Dark warnings of a world where computers become so sophisticated, so quickly, that humanity loses control of them—and its own destiny as a result have been issued by people like famed physicist Stephen Hawking and Tesla’s Elon Musk.
However, such warnings are farfetched, thinks Peter Norvig, a leading artificial intelligence scientist and a director of research at Google.”I don’t buy into the killer robot [theory],” he said in a TV interview this week.
He said that how to prepare for the mass elimination of jobs that is surely coming is the real worry.
“I certainly see that there will be disruptions in employment … we’ve already seen a lot of change, that’s going to continue,” Norvig said in an interview, before a lecture on machine learning at the Stevens Institute of Technology.
Whether the impact of machine learning is minimal or whether it consumes half of all the jobs over the next decade are some of the real issues and by now there’s wide consensus on this matter, the question is really just scale.
Altering or eliminating any number of jobs in law, finance and even media, more and more it’s going to creep up the value chain, although this process is well underway with manufacturing jobs.
“The pace may be so fast that it [will] cause disruptions,” Norvig said. “So we need to find ways to mitigate that.”
“Be aware of the various technologies and be able to use them, and apply them to whatever field you’re interested in.”-Peter Nordvig, research director, Google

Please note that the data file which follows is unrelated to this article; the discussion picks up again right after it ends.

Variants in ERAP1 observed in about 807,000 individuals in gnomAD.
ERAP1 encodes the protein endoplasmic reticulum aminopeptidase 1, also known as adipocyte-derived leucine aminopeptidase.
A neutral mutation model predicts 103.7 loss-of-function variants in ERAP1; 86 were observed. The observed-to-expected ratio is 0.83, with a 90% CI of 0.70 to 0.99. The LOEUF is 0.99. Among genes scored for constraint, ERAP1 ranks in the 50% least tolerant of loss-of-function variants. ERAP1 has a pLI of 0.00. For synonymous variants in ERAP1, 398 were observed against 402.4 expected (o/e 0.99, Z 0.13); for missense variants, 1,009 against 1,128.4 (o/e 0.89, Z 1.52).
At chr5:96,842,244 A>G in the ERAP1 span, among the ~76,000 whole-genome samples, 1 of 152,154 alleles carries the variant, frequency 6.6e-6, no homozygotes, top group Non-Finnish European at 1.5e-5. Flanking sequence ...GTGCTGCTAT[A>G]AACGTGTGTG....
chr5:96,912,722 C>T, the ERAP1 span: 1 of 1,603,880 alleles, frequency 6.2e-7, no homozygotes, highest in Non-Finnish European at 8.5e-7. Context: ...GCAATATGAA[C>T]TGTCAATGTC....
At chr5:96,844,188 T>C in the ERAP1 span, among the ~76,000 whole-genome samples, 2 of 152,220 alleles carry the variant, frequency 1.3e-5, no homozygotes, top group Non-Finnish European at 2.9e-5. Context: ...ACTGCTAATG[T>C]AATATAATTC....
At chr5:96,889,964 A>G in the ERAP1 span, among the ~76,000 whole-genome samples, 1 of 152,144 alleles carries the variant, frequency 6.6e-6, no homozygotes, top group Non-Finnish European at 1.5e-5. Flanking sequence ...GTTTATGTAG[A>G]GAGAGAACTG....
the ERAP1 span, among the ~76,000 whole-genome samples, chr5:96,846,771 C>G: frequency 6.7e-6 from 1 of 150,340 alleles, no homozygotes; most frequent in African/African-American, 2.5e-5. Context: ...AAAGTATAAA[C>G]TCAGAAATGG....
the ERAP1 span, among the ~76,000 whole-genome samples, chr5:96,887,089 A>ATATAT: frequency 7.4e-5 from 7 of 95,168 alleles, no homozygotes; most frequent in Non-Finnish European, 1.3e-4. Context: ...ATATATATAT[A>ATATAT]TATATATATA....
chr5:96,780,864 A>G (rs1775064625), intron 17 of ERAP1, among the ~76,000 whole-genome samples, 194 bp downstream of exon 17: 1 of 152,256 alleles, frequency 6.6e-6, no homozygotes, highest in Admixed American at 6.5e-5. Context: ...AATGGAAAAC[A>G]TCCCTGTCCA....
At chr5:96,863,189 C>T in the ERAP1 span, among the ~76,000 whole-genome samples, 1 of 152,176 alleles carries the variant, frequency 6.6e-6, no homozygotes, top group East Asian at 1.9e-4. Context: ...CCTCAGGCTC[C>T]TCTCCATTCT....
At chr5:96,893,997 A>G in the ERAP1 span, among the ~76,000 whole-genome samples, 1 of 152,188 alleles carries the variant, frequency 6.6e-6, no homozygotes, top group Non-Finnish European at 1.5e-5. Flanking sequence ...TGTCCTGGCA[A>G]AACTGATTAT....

Anyone frightened by the prospect was sympathized by Norvig, a former computer scientist as NASA.
But will these destructive technologies lead to new opportunities that are now unimagined, just as the internal combustion engine ultimately led to the demise of the stagecoach, and also to millions of new jobs.
“It’s easy to see jobs disappearing … [but] it’s hard to see the new jobs that will be invented because they don’t exist yet.
“There will always be stuff to do,” he said.
Norvig said that abandoning career aspirations because of it or getting discouraged by machine learning should not necessarily be the things that young people starting on their career path should do.
Instead, “find something [you’re] interested in that provides something that people want, and think deeply about it.”
“Be aware of the various technologies and be able to use them, and apply them to whatever field you’re interested in,” he added.
Either through universal basic income, a WPA-like program, or some other means, so that people whose livelihoods are eliminated are quickly unable to adapt, the rest of society has an obligation to support, Norvig also believes.
“There has to be some social program for people who say ‘I had a job, and now I don’t—I’ve got no family to fall back on, what do I do?'” he said.
(Adapted from CNBC)